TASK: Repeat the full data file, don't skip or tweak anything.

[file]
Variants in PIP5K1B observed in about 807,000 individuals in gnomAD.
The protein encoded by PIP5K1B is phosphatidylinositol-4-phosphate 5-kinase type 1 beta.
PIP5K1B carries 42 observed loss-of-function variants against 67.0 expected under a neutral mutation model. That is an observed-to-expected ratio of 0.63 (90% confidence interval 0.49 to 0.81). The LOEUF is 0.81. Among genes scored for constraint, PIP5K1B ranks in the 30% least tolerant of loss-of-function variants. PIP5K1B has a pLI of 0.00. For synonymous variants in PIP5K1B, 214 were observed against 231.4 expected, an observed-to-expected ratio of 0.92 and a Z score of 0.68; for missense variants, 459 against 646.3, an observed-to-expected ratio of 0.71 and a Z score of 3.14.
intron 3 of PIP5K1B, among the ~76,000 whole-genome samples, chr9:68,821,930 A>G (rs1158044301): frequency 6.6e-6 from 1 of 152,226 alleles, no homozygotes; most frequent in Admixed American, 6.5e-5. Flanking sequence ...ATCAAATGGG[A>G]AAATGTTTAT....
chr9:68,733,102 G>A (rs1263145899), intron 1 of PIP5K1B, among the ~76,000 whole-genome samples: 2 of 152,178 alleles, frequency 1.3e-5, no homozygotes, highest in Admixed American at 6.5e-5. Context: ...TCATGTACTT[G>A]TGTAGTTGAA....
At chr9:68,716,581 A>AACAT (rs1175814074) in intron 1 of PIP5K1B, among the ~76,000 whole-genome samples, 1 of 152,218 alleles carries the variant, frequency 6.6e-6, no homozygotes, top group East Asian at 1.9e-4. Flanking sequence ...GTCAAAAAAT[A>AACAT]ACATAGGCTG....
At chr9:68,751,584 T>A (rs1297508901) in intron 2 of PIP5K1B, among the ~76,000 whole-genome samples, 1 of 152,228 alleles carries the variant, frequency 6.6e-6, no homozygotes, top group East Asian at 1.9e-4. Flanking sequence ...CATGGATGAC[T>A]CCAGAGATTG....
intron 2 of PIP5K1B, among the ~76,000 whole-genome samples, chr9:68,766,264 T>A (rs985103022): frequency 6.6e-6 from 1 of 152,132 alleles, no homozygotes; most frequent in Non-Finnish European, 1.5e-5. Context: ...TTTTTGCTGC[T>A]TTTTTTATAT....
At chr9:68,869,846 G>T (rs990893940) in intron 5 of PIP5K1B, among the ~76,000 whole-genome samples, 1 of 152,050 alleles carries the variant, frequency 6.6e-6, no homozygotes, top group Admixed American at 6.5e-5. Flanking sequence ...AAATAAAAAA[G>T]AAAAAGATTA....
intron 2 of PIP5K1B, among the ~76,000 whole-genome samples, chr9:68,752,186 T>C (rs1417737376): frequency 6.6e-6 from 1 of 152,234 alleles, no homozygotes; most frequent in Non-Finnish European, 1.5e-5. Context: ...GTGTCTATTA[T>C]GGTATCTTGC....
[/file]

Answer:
Variants in PIP5K1B observed in about 807,000 individuals in gnomAD.
The protein encoded by PIP5K1B is phosphatidylinositol-4-phosphate 5-kinase type 1 beta.
PIP5K1B carries 42 observed loss-of-function variants against 67.0 expected under a neutral mutation model. That is an observed-to-expected ratio of 0.63 (90% confidence interval 0.49 to 0.81). The LOEUF is 0.81. Among genes scored for constraint, PIP5K1B ranks in the 30% least tolerant of loss-of-function variants. PIP5K1B has a pLI of 0.00. For synonymous variants in PIP5K1B, 214 were observed against 231.4 expected, an observed-to-expected ratio of 0.92 and a Z score of 0.68; for missense variants, 459 against 646.3, an observed-to-expected ratio of 0.71 and a Z score of 3.14.
intron 3 of PIP5K1B, among the ~76,000 whole-genome samples, chr9:68,821,930 A>G (rs1158044301): frequency 6.6e-6 from 1 of 152,226 alleles, no homozygotes; most frequent in Admixed American, 6.5e-5. Flanking sequence ...ATCAAATGGG[A>G]AAATGTTTAT....
chr9:68,733,102 G>A (rs1263145899), intron 1 of PIP5K1B, among the ~76,000 whole-genome samples: 2 of 152,178 alleles, frequency 1.3e-5, no homozygotes, highest in Admixed American at 6.5e-5. Context: ...TCATGTACTT[G>A]TGTAGTTGAA....
At chr9:68,716,581 A>AACAT (rs1175814074) in intron 1 of PIP5K1B, among the ~76,000 whole-genome samples, 1 of 152,218 alleles carries the variant, frequency 6.6e-6, no homozygotes, top group East Asian at 1.9e-4. Flanking sequence ...GTCAAAAAAT[A>AACAT]ACATAGGCTG....
At chr9:68,751,584 T>A (rs1297508901) in intron 2 of PIP5K1B, among the ~76,000 whole-genome samples, 1 of 152,228 alleles carries the variant, frequency 6.6e-6, no homozygotes, top group East Asian at 1.9e-4. Flanking sequence ...CATGGATGAC[T>A]CCAGAGATTG....
intron 2 of PIP5K1B, among the ~76,000 whole-genome samples, chr9:68,766,264 T>A (rs985103022): frequency 6.6e-6 from 1 of 152,132 alleles, no homozygotes; most frequent in Non-Finnish European, 1.5e-5. Context: ...TTTTTGCTGC[T>A]TTTTTTATAT....
At chr9:68,869,846 G>T (rs990893940) in intron 5 of PIP5K1B, among the ~76,000 whole-genome samples, 1 of 152,050 alleles carries the variant, frequency 6.6e-6, no homozygotes, top group Admixed American at 6.5e-5. Flanking sequence ...AAATAAAAAA[G>T]AAAAAGATTA....
intron 2 of PIP5K1B, among the ~76,000 whole-genome samples, chr9:68,752,186 T>C (rs1417737376): frequency 6.6e-6 from 1 of 152,234 alleles, no homozygotes; most frequent in Non-Finnish European, 1.5e-5. Context: ...GTGTCTATTA[T>C]GGTATCTTGC....